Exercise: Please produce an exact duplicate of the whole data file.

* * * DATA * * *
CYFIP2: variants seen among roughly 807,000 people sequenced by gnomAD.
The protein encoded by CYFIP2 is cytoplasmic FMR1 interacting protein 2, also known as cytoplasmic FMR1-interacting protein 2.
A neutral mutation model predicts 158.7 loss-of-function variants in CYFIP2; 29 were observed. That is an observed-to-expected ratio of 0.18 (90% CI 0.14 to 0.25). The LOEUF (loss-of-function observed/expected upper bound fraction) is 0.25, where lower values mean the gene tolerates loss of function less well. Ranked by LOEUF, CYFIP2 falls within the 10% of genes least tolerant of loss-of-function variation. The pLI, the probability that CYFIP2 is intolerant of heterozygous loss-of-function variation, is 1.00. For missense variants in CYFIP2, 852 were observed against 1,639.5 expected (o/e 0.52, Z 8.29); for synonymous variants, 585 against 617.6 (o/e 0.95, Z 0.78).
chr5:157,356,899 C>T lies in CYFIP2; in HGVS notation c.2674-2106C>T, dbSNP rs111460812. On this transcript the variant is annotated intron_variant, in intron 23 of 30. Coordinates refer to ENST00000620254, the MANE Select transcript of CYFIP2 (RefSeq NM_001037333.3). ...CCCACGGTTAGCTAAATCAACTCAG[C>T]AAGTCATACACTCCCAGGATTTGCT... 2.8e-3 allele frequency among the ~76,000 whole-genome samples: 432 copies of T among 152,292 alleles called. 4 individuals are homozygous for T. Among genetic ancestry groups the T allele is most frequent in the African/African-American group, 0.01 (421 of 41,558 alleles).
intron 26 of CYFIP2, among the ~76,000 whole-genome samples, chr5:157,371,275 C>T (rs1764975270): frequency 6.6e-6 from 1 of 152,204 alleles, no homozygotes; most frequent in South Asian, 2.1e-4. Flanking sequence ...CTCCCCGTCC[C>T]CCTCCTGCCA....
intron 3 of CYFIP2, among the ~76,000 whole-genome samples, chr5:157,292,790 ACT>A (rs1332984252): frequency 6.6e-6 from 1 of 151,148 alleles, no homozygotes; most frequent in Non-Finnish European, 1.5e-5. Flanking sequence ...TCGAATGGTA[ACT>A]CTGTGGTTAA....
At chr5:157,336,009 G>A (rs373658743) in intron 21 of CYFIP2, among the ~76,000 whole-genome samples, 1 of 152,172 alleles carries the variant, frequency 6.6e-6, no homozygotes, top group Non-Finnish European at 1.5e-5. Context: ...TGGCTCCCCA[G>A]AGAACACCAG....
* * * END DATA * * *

CYFIP2: variants seen among roughly 807,000 people sequenced by gnomAD.
The protein encoded by CYFIP2 is cytoplasmic FMR1 interacting protein 2, also known as cytoplasmic FMR1-interacting protein 2.
A neutral mutation model predicts 158.7 loss-of-function variants in CYFIP2; 29 were observed. That is an observed-to-expected ratio of 0.18 (90% CI 0.14 to 0.25). The LOEUF (loss-of-function observed/expected upper bound fraction) is 0.25, where lower values mean the gene tolerates loss of function less well. Ranked by LOEUF, CYFIP2 falls within the 10% of genes least tolerant of loss-of-function variation. The pLI, the probability that CYFIP2 is intolerant of heterozygous loss-of-function variation, is 1.00. For missense variants in CYFIP2, 852 were observed against 1,639.5 expected (o/e 0.52, Z 8.29); for synonymous variants, 585 against 617.6 (o/e 0.95, Z 0.78).
chr5:157,356,899 C>T lies in CYFIP2; in HGVS notation c.2674-2106C>T, dbSNP rs111460812. On this transcript the variant is annotated intron_variant, in intron 23 of 30. Coordinates refer to ENST00000620254, the MANE Select transcript of CYFIP2 (RefSeq NM_001037333.3). ...CCCACGGTTAGCTAAATCAACTCAG[C>T]AAGTCATACACTCCCAGGATTTGCT... 2.8e-3 allele frequency among the ~76,000 whole-genome samples: 432 copies of T among 152,292 alleles called. 4 individuals are homozygous for T. Among genetic ancestry groups the T allele is most frequent in the African/African-American group, 0.01 (421 of 41,558 alleles).
intron 26 of CYFIP2, among the ~76,000 whole-genome samples, chr5:157,371,275 C>T (rs1764975270): frequency 6.6e-6 from 1 of 152,204 alleles, no homozygotes; most frequent in South Asian, 2.1e-4. Flanking sequence ...CTCCCCGTCC[C>T]CCTCCTGCCA....
intron 3 of CYFIP2, among the ~76,000 whole-genome samples, chr5:157,292,790 ACT>A (rs1332984252): frequency 6.6e-6 from 1 of 151,148 alleles, no homozygotes; most frequent in Non-Finnish European, 1.5e-5. Flanking sequence ...TCGAATGGTA[ACT>A]CTGTGGTTAA....
At chr5:157,336,009 G>A (rs373658743) in intron 21 of CYFIP2, among the ~76,000 whole-genome samples, 1 of 152,172 alleles carries the variant, frequency 6.6e-6, no homozygotes, top group Non-Finnish European at 1.5e-5. Context: ...TGGCTCCCCA[G>A]AGAACACCAG....